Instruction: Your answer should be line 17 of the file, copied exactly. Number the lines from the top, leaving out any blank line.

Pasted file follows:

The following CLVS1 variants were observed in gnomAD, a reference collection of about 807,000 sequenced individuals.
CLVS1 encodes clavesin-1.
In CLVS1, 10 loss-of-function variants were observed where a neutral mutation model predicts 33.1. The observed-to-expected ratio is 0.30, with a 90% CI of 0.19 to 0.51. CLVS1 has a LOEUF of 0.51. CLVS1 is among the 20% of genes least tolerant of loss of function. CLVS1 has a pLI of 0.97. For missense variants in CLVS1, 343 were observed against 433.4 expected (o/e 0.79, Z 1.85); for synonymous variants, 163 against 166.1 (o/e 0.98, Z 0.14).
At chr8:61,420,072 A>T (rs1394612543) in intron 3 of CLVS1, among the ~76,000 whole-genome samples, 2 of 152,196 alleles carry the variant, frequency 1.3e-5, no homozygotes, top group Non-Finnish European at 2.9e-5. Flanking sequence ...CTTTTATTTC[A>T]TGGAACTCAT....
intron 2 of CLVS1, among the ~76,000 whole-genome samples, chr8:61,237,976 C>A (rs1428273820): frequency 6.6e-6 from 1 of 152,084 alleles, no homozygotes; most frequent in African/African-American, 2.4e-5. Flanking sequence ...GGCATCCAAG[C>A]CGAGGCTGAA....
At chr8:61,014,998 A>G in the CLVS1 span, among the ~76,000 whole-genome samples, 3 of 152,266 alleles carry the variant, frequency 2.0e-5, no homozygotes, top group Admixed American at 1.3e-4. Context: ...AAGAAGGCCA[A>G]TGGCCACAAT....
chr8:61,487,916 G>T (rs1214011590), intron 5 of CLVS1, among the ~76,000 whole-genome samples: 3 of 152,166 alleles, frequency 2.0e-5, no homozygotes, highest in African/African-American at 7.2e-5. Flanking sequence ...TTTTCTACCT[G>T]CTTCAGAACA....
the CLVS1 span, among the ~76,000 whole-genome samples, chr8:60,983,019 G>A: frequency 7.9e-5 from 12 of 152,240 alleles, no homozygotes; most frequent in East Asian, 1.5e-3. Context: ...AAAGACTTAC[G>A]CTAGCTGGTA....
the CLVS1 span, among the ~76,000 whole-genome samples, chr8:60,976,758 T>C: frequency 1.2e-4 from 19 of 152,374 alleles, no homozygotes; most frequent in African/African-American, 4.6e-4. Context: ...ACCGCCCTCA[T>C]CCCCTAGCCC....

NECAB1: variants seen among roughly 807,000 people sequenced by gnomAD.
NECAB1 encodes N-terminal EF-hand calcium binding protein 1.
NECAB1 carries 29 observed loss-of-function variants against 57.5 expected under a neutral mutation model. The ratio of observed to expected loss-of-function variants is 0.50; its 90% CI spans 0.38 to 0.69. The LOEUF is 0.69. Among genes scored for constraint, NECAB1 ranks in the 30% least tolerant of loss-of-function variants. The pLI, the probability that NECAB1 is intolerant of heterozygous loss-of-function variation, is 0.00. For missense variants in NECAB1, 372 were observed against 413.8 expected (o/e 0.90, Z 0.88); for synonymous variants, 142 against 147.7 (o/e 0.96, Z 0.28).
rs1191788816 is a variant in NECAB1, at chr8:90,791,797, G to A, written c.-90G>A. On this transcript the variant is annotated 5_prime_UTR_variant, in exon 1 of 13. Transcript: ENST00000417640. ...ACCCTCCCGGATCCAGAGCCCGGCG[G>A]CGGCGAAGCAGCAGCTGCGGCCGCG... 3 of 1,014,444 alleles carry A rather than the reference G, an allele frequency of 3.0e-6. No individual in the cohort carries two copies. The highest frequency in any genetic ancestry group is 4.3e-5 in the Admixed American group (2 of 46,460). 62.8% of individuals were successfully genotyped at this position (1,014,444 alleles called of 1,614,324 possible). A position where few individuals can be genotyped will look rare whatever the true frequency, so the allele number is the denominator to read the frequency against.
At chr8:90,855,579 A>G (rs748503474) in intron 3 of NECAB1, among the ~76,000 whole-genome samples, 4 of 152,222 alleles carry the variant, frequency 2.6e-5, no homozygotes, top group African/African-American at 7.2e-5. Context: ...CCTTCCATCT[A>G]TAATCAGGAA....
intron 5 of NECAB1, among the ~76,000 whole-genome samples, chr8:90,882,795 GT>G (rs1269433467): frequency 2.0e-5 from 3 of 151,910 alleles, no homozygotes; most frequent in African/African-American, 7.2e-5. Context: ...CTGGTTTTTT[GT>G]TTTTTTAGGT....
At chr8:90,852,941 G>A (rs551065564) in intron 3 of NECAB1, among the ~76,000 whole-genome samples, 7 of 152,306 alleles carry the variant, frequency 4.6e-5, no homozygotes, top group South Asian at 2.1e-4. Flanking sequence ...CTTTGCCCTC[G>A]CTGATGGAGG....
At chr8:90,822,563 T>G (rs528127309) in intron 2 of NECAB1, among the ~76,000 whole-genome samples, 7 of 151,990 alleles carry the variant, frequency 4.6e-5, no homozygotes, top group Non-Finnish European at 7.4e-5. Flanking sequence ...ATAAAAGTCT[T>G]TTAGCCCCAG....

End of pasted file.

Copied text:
At chr8:90,822,563 T>G (rs528127309) in intron 2 of NECAB1, among the ~76,000 whole-genome samples, 7 of 151,990 alleles carry the variant, frequency 4.6e-5, no homozygotes, top group Non-Finnish European at 7.4e-5. Flanking sequence ...ATAAAAGTCT[T>G]TTAGCCCCAG....